Canongate , 320 pages , £10 , PB
The Museum of Doubt is an eclectic collection of short stories that are disturbing, funny, whimsical and disturbing, all linked by Meek’s surreal style and skewed view of the world. There are tales of a planned assassination attempt on a fish smoker, a terrifying car journey, lawyers and Mesopotamian gods, and a supernatural but highly affable salesman who is the star of the titular story. Best of the bunch involves the ongoing saga of bona fide suburban nutter Gordon. He falls for his son’s girlfriend, trashes his car, manages to get the son arrested for assault, wreaks havoc on the local garden centre (trying to buy fallen Autumn leaves by the pound and twigs by the bunch), declines to sleep with his wife’s sister on the grounds that she’s too old for him, sets fire to a nightclub (what other use for the leaves would there be?), recounts a tale about a trip to Thailand where he’s responsible for a death and ends up being a hero. There’s no justice.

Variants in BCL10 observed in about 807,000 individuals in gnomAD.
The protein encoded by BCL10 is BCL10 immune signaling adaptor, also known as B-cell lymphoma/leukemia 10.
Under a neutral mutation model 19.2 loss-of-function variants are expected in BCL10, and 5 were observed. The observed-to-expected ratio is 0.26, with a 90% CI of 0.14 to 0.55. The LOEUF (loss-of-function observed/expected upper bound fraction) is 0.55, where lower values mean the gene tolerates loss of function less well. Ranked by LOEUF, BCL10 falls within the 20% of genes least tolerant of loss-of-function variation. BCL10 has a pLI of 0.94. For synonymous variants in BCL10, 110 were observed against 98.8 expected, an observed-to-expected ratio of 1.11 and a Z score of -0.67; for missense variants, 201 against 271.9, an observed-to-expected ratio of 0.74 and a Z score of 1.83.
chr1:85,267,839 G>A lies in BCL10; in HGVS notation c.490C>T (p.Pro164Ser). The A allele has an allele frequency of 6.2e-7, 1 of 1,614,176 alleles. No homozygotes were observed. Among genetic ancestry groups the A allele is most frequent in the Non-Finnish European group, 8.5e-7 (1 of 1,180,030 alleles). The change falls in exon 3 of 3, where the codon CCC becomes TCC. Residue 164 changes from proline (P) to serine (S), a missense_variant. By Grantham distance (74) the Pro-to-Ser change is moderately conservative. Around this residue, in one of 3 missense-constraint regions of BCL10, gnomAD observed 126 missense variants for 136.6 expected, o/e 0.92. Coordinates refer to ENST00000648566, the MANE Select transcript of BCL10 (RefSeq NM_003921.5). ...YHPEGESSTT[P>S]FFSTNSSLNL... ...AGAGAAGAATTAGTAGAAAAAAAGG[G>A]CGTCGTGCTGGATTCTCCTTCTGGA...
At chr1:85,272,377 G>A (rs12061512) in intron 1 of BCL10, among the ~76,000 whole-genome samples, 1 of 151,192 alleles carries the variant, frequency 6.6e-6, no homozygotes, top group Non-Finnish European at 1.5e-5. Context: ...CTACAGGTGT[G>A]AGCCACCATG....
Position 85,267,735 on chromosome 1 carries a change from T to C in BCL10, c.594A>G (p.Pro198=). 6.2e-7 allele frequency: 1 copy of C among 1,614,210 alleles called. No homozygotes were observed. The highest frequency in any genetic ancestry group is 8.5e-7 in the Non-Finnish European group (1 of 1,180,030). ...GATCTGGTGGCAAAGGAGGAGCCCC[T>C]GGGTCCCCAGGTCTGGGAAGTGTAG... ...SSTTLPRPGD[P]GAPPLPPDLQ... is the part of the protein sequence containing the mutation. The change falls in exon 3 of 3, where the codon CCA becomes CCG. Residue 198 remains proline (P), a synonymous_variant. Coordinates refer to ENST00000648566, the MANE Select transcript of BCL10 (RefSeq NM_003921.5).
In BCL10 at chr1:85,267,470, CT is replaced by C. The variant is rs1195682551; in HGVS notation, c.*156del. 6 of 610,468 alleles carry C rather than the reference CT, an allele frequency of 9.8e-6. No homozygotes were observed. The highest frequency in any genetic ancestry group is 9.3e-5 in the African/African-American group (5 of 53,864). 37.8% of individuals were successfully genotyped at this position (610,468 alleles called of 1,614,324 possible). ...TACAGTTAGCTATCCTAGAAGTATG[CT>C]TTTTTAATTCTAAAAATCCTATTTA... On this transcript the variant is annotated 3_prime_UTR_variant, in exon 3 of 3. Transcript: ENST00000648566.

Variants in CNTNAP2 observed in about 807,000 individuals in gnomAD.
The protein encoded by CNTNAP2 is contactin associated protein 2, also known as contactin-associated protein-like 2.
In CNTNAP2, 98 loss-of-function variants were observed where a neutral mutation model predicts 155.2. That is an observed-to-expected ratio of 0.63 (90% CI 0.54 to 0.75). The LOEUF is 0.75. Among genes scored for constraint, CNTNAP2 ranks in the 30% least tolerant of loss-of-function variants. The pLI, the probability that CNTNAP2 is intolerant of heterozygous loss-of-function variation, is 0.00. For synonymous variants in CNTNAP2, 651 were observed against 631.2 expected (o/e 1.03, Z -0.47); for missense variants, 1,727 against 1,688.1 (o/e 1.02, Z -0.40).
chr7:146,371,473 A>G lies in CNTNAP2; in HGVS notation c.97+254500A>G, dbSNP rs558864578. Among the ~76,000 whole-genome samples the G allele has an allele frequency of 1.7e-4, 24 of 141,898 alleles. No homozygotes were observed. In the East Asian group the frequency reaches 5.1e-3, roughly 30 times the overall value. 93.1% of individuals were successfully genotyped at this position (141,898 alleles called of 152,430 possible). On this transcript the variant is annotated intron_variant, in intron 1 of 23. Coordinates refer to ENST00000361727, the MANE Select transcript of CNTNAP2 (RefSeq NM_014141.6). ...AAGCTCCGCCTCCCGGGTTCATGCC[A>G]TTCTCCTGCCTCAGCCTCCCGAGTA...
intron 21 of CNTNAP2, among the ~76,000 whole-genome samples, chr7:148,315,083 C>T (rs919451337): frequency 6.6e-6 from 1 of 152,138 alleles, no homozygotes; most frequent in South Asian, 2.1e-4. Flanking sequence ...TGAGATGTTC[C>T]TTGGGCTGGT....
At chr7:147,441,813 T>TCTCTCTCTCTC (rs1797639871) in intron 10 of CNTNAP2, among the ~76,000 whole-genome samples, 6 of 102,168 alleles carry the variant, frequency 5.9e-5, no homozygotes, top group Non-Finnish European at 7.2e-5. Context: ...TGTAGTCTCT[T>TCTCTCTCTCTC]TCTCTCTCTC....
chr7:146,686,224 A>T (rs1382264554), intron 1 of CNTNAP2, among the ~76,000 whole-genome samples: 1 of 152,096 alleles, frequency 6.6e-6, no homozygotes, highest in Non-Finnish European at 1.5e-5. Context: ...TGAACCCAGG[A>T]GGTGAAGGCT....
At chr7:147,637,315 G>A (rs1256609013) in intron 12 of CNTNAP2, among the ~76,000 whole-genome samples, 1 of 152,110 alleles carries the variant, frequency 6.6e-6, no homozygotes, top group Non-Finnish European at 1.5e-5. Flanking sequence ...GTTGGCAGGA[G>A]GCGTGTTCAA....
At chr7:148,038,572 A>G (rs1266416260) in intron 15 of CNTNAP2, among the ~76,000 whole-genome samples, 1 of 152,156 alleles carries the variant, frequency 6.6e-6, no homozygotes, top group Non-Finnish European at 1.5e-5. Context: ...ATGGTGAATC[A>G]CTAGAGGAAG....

Meek’s trump card lies in his ability to lure his audience into a false sense of security. The opening paragraphs ease the reader into an apparently normal world, which slowly warps into something surreal, absurd or completely deranged. Meek can take you to some very dark places. What is particularly scary is that many of his characters are very matter-of-fact about their attitudes and behaviour. Gordon is a prime example – his actions are totally unacceptable by society’s standards, but he seems completely unaware of this and carries on regardless. There’s the woman who happens to be the very last Mercian speaker but her lack of communication with her boyfriend runs far deeper than linguistics. Then there’s the couple who have been living together for months before he discovers that she’s married and hubby’s in gaol. Meek gives you a glimpse into the sort of situations that shouldn’t happen to normal people, but you never know, they could, they’re not that far removed from reality. It’s just as well there are some fantastic/supernatural stories peppered throughout the book, you might get completely paranoid…
But lest this all sounds a touch too depressing or disturbing, don’t panic. Throughout every story, Meek has a wonderful knack of throwing in ideas or one-liners that are so absurd you can’t help but carry on reading with a smirk upon your face.
Any Cop?: The Museum of Doubt comes highly recommended for those who like their “short stories with a twist” to be just that bit extra twisted.